Arrest warrants obtained by the AJC show that Coggins was stabbed and sliced repeatedly, “disfiguring his body” through multiple wounds.Dix described it as “overkill,” a gruesome murder that “appeared to be sending a message.”

Dix said investigators have been so tight-lipped on the details of the case because they “want to make sure there is no change in venue” and to ensure the integrity of the investigation. The crime happened in Spalding County, and they wanted it to be prosecuted in Spalding County, he said.

Family, investigators find closure

Heather Coggins and her family were at the press conference on Oct. 13 to announce the arrests. It was a bittersweet moment.

The family was happy to see progress in the case. But they were sorry Coggin’s mother and stepfather had not lived to see it. Coggin’s mother died in January 2016 and his stepfather died in January this year. Heather said even on her grandmother’s death bed, she would cry out for Tim.

“We have always wanted justice, held out for justice, and knew that we would have justice,” Heather said at the news conference.

Sitting on Dix’s desk were two pairs of handcuffs. One had been used to subdue Gebhardt, the other, Moore. In preparation for their arrest, Dix contacted Clint Phillips and Oscar Jordan, the two investigators who had originally worked the case. Both were still living.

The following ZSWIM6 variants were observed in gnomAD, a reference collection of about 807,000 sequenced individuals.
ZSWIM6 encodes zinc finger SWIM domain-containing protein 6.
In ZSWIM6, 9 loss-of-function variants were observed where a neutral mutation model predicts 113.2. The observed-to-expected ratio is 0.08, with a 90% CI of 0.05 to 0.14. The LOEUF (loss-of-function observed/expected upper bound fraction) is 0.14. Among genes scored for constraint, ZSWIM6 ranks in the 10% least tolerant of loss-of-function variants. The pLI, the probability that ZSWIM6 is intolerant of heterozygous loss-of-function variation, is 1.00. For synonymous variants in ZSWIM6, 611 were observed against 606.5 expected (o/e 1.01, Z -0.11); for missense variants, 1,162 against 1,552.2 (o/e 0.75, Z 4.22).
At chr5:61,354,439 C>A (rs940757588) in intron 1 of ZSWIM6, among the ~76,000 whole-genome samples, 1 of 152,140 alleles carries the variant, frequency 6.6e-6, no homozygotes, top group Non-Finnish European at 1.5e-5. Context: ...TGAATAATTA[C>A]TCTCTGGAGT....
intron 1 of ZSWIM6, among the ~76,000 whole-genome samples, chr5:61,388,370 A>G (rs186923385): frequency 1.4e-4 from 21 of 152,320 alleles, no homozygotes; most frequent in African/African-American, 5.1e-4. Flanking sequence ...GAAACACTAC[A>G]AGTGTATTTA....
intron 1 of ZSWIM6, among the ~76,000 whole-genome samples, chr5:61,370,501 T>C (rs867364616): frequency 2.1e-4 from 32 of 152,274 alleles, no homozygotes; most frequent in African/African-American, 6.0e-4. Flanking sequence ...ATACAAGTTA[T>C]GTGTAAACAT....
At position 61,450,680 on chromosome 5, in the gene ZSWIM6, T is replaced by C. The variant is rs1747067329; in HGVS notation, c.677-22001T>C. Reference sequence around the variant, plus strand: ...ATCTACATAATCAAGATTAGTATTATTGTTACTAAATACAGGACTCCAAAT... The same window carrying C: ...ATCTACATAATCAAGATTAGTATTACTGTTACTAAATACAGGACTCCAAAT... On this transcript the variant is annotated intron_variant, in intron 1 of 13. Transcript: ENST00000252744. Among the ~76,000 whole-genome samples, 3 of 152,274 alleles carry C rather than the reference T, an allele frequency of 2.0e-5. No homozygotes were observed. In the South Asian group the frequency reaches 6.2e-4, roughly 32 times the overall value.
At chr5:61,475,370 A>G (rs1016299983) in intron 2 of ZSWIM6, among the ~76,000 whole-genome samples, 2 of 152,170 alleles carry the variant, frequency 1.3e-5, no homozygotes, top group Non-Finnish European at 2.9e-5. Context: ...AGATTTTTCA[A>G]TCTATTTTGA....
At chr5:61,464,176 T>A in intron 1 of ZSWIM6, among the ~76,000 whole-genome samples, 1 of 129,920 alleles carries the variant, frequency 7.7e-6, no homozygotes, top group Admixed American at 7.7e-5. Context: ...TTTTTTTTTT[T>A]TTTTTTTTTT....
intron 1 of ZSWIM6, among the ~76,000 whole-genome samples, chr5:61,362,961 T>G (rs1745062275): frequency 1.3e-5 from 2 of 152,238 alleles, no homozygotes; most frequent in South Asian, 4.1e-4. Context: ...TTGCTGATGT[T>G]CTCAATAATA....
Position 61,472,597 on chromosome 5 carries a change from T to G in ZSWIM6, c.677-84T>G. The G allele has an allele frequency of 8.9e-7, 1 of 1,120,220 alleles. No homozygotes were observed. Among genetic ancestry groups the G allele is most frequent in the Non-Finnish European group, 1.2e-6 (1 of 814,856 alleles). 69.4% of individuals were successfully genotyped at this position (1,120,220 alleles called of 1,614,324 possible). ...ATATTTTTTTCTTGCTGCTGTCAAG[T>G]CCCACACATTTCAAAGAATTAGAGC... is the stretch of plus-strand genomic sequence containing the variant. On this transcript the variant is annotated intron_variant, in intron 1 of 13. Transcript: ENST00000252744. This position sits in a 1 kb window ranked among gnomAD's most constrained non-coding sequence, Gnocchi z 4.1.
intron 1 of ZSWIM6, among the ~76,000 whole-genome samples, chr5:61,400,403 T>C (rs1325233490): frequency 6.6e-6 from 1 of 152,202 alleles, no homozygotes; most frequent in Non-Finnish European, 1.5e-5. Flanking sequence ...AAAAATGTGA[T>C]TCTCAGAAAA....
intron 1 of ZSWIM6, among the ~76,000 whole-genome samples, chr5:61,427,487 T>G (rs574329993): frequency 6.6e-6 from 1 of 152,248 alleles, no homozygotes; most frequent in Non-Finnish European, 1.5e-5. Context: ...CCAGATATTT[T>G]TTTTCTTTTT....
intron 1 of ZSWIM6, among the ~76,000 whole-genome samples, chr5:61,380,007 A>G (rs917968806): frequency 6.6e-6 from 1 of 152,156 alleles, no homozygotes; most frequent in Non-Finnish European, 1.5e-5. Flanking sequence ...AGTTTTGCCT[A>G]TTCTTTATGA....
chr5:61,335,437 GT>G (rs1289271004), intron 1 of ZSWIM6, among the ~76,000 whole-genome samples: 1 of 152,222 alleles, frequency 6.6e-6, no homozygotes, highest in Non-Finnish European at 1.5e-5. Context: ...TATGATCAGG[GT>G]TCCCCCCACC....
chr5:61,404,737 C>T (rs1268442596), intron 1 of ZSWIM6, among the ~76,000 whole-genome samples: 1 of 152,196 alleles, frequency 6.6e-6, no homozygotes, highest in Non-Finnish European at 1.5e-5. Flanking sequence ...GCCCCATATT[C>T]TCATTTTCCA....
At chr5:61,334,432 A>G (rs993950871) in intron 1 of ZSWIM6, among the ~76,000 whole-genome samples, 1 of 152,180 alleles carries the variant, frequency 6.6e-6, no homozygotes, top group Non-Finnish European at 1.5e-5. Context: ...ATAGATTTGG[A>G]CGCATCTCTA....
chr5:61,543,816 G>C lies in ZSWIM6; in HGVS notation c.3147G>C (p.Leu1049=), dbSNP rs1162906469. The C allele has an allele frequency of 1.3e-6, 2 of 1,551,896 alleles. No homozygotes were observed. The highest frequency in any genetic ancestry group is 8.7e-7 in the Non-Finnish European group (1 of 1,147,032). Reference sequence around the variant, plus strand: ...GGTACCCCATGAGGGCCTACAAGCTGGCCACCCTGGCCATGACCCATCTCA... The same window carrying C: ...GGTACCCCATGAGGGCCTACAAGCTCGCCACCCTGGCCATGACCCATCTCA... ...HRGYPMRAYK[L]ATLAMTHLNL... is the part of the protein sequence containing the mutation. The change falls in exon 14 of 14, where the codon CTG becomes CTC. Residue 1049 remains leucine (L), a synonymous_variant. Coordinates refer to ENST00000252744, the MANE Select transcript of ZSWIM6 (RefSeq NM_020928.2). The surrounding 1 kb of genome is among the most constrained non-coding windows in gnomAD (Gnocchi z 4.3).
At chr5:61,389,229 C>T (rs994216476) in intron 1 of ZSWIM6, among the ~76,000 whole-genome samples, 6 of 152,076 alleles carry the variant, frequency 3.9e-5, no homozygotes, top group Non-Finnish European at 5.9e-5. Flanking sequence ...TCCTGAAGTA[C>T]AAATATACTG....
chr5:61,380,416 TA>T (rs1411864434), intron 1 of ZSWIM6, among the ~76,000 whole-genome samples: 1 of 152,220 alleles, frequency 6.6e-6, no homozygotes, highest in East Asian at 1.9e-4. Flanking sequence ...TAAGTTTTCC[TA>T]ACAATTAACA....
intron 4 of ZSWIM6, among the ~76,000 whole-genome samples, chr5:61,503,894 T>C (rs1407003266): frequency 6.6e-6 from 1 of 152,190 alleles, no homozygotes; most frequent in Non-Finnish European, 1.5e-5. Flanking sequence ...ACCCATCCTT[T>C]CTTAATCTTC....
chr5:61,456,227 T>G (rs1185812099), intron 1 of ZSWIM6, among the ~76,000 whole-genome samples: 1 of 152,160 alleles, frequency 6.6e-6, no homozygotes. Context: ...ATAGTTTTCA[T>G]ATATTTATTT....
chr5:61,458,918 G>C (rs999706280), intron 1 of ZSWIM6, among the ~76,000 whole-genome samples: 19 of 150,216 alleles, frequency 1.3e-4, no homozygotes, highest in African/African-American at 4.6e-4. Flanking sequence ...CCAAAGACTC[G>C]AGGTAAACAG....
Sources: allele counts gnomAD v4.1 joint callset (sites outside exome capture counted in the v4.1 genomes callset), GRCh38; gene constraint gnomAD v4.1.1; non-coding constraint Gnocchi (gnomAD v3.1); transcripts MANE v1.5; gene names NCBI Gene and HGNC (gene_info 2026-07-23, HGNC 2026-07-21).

Phillips was too sick to attend the perp walk into the jail, but Jordan was present. Dix deputized Phillips for the day so that he could walk Gebhardt and Moore into the building. Dix said he wanted them to be touching the suspects when they walked into jail. Phillips and Jordan could not be reached for comment by the AJC.

Dix gave Jordan one of two sets of handcuffs that were used to subdue each man. Dix said he thought Jordan was going to cry when he did. The other set, sitting on Dix’s desk, will be given to Phillips.

More arrests could happen in the coming days, Dix said. 

-Atlanta Journal-Constitution data specialist Jennifer Peebles contributed to this story